This week the ITC stood firm in its position that final PTAB rulings of unpatentability in IPR proceedings are not grounds to modify, suspend, or rescind remedial orders. In Certain Foam Footwear, Inv. No. 337-TA-567, the ITC issued a short order denying a petition for such relief. In the Order, the ITC cited its precedent in Certain Network Devices, Related Software and Components (II), Inv. No. 337-TA-945, Order (Sept. 11, 2017) which we discussed here.
The ITC has dealt a significant blow to the use of Inter Partes Review as a defense to a Section 337 investigation. In an order issued this week, the Commission denied a request to stay remedial orders that are currently on appeal after the asserted claims were found unpatentable by the USPTO Patent Trial and Appeal Board in IPR proceedings.
Last week, Judge Essex issued a notice updating his ground rules in active investigations pending before him.
Before 2011, the ITC routinely found violations of Section 337 based on the infringement of method claims through a respondent’s own use of an article post-importation. This changed when the ITC issued its Opinion in Certain Electronic Devices with Image Processing Systems, Components Thereof and Associated, Inv. No. 337-TA-724 (“Electronic Devices”). In that case the ITC held that post-importation direct infringement of a method claim, without a showing of indirect infringement, could not substantiate a violation of Section 337. But the ITC has recently indicated that it is rethinking its Electronics Devices precedent.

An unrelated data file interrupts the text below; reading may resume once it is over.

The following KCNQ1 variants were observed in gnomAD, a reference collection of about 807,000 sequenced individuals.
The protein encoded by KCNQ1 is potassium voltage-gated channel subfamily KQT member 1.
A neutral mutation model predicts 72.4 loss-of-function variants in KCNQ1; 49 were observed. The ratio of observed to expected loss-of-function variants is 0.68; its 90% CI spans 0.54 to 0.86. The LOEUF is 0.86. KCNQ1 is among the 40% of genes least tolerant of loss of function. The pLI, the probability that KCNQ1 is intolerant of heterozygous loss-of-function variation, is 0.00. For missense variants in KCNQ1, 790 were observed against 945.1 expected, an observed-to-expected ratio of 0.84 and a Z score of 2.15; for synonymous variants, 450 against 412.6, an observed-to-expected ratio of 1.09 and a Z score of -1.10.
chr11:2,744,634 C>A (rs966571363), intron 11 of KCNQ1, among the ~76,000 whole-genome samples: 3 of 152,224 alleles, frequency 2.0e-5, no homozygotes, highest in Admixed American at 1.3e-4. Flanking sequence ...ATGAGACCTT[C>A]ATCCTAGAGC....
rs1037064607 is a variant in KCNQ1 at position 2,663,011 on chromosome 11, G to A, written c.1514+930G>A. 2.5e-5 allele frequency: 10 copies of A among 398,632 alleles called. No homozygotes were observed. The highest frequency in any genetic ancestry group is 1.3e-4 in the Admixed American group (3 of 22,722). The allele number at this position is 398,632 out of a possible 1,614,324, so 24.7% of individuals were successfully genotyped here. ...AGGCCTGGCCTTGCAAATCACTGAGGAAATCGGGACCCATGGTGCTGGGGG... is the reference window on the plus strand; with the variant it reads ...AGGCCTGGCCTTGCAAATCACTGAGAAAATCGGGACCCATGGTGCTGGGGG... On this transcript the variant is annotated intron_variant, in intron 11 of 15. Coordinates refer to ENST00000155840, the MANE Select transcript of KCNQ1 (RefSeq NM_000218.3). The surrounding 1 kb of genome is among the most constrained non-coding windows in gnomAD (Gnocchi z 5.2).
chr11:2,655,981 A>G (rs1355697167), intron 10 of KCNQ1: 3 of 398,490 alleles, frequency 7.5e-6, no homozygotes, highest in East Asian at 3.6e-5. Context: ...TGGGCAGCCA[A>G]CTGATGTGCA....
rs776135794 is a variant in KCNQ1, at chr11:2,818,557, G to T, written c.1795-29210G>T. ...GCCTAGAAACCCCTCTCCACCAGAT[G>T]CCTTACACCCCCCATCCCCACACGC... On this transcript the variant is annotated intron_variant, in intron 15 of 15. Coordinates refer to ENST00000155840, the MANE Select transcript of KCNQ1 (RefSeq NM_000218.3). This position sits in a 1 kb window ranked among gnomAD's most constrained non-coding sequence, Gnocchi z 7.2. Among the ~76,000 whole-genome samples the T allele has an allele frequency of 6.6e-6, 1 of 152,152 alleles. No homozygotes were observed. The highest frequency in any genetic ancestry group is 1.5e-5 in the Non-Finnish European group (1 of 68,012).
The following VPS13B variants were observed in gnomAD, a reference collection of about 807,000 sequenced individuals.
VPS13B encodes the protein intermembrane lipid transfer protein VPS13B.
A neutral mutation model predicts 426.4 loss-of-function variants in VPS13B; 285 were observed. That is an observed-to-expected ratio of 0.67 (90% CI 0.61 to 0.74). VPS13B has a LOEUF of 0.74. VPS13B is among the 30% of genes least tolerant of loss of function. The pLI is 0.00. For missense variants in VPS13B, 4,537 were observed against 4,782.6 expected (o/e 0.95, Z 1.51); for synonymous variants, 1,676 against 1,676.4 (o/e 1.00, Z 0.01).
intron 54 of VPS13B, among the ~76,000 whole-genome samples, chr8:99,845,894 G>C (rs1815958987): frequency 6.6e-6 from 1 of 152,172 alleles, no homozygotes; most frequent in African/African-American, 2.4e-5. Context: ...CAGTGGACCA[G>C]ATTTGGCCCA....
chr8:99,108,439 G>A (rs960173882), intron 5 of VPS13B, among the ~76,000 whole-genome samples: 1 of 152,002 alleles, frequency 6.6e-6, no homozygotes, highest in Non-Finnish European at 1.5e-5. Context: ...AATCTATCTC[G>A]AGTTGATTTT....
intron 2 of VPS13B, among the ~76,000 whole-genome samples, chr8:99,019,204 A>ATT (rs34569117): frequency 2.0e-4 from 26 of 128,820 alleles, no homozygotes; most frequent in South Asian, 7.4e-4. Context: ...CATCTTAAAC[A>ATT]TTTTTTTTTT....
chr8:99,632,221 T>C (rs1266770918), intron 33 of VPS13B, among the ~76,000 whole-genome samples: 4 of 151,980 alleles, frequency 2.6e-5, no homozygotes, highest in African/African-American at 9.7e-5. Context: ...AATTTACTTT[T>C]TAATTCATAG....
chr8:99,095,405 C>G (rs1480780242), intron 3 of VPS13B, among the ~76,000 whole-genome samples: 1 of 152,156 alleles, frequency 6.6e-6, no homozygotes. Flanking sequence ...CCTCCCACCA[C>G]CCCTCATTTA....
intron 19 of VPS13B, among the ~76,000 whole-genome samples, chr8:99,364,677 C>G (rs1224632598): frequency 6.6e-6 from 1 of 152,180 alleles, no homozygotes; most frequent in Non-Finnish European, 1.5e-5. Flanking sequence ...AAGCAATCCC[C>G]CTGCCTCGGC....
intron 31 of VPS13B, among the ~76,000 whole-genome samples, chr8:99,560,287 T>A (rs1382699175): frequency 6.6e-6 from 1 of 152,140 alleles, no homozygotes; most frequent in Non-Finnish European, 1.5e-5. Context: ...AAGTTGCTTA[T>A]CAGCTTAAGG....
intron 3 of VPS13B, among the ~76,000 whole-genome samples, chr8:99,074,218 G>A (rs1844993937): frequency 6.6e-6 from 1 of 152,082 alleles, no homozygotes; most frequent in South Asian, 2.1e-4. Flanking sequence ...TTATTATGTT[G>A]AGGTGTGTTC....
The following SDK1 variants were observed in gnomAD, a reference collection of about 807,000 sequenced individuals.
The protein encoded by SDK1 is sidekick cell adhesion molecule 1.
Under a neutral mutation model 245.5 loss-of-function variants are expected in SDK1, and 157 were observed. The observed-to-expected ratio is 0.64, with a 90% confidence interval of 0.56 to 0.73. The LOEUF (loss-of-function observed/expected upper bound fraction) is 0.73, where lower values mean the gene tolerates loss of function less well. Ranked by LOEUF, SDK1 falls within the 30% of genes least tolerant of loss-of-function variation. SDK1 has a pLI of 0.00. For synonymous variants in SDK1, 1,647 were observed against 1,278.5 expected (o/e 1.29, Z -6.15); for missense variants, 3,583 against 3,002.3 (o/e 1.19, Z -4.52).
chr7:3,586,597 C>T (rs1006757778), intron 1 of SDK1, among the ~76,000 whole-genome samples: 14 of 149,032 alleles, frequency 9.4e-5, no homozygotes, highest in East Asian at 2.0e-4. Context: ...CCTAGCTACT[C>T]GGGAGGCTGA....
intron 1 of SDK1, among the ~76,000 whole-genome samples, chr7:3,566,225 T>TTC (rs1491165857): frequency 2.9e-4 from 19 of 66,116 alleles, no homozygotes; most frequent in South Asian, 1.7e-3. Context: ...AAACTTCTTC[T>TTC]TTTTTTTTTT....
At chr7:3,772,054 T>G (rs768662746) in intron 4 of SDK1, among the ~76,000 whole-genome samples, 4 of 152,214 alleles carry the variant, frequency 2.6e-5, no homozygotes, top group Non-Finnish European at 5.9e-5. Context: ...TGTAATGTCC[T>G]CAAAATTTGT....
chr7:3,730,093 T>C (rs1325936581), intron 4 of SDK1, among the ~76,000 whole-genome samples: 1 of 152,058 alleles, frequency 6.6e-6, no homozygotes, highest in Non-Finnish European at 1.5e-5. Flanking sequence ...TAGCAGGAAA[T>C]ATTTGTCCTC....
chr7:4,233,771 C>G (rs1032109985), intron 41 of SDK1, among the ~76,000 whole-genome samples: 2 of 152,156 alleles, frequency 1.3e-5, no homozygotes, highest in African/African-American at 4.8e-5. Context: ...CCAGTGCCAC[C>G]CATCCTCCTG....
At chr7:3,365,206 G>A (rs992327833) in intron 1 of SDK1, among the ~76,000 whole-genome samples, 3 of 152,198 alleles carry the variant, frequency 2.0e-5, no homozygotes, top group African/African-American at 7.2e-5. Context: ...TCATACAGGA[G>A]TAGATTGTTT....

Increasing use of Inter Partes Reviews (IPRs) by patent stakeholders and an increase in the number of ITC complaints heighten the importance of an interplay between IPRs and ITC proceedings. We have previously noted that the ITC does not stay their proceedings in view of IPR institution. Recent decisions by the Patent Trial and Appeal Board (PTAB) bring to light another distinguishing feature of taking a patent dispute to the ITC – it will not start a one-year clock to file an IPR request.
As previously reported, the Commission recently granted U.S. Steel’s request for an oral hearing in Certain Carbon and Alloy Steel, Inv. No. 337-TA-1002. This was only the second oral argument granted in a Section 337 case in nearly ten years. In a Notice issued March 3, 2017, the Commission rescheduled the date for oral arguments to April 20, 2017 in order to seek further written submissions from the public.